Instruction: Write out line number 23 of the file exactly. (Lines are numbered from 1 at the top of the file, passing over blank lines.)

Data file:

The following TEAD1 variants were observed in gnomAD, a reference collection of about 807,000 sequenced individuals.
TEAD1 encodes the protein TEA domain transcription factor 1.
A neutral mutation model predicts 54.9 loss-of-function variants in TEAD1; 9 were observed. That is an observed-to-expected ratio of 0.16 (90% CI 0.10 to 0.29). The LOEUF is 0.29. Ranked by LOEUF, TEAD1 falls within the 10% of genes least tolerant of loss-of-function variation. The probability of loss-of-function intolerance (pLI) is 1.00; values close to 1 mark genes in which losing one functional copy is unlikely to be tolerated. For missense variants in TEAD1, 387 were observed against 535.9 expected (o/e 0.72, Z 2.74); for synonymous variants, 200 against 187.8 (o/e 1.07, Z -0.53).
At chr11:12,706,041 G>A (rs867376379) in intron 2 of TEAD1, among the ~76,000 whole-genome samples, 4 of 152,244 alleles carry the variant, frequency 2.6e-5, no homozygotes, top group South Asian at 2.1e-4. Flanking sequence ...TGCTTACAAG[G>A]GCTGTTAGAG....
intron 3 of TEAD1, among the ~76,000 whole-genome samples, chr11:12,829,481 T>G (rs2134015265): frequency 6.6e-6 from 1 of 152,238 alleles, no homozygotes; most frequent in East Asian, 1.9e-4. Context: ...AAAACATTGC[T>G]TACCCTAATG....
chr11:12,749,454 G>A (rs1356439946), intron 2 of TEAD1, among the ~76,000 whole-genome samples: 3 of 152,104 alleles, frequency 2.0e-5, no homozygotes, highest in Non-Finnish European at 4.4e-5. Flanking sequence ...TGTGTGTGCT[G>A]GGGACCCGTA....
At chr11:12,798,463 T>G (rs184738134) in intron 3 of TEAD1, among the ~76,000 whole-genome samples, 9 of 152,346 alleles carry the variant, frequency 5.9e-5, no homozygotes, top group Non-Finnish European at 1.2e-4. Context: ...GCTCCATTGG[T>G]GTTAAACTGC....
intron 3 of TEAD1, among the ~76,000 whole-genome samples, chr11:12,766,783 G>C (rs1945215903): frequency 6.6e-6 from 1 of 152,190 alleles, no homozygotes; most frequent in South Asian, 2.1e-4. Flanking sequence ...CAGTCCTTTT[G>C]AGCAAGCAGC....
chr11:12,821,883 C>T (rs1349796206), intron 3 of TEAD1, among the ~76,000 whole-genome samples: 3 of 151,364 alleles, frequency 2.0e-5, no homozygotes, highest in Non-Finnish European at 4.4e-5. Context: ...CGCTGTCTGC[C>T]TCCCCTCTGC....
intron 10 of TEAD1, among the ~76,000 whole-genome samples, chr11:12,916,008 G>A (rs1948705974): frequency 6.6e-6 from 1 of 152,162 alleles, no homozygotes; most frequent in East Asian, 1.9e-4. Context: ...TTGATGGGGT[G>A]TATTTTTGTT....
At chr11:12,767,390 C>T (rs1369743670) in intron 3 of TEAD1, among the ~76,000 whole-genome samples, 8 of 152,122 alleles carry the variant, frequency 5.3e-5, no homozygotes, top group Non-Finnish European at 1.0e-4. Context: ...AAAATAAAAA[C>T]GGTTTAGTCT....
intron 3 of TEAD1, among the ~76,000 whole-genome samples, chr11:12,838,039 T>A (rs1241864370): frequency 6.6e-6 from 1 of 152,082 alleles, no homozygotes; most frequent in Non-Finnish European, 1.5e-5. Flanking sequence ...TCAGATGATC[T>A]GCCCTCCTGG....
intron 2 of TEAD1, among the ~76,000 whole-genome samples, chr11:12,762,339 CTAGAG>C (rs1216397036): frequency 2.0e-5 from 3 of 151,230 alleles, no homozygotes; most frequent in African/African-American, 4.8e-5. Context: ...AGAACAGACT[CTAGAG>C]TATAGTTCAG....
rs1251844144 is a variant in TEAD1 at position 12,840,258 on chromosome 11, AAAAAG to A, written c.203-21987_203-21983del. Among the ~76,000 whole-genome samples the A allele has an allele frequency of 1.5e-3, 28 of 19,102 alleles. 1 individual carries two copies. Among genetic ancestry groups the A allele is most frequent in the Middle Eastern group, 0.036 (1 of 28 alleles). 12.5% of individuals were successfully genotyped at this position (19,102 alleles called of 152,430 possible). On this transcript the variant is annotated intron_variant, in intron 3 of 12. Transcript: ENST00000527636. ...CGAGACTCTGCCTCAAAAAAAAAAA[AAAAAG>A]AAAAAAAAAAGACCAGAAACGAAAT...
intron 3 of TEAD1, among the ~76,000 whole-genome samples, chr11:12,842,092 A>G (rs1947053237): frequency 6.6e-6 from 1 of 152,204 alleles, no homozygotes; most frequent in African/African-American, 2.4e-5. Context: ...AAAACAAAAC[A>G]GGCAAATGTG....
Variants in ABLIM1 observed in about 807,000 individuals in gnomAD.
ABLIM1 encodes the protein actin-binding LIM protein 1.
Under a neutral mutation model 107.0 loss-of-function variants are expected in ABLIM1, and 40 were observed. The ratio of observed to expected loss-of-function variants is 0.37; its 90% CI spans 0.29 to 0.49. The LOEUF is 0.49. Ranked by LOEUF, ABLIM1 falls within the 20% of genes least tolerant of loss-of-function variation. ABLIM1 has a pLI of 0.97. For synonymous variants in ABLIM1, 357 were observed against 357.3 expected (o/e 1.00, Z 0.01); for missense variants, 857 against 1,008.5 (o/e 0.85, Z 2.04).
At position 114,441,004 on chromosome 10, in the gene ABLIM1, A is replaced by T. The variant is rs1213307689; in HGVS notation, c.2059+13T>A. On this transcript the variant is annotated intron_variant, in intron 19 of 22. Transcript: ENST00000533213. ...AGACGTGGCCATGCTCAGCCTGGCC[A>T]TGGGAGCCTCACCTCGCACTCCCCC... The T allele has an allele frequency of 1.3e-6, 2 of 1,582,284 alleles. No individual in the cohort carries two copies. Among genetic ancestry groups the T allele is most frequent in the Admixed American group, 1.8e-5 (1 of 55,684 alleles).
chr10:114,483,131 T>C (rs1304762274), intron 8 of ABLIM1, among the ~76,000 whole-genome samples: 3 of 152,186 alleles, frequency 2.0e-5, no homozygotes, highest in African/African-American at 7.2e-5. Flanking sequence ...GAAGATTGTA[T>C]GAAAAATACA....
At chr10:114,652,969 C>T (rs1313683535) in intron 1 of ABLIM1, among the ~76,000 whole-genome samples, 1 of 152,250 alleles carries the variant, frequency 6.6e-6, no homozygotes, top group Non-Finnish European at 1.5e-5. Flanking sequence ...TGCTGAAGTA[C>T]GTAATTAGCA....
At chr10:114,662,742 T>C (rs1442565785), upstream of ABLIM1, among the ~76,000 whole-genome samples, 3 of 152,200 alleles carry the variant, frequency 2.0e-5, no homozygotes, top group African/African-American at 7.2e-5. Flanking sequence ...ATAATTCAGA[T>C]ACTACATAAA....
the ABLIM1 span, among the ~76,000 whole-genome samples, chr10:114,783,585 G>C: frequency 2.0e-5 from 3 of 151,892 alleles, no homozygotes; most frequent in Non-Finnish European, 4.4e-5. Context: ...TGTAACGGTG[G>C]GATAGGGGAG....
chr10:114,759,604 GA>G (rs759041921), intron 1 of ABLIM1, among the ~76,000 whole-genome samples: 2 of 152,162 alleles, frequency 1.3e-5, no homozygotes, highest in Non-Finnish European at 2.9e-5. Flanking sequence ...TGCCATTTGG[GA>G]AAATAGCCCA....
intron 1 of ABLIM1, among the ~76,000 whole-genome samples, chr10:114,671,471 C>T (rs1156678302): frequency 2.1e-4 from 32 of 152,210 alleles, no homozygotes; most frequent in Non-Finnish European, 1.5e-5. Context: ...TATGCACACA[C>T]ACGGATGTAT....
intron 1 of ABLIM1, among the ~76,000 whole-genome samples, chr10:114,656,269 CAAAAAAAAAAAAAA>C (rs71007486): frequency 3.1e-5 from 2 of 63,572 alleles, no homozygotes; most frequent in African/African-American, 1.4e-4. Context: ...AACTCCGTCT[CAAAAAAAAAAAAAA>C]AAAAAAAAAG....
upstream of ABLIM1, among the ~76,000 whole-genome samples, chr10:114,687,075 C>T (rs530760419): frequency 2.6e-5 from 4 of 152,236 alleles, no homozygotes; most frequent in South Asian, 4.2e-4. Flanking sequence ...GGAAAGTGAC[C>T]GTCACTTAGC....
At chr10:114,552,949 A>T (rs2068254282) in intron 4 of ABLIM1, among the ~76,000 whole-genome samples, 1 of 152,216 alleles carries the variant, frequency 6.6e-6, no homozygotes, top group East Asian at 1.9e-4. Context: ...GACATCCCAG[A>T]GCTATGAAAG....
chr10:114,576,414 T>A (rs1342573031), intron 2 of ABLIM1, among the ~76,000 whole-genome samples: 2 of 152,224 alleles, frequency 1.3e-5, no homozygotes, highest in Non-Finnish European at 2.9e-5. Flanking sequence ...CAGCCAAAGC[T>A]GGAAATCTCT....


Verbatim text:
the ABLIM1 span, among the ~76,000 whole-genome samples, chr10:114,783,585 G>C: frequency 2.0e-5 from 3 of 151,892 alleles, no homozygotes; most frequent in Non-Finnish European, 4.4e-5. Context: ...TGTAACGGTG[G>C]GATAGGGGAG....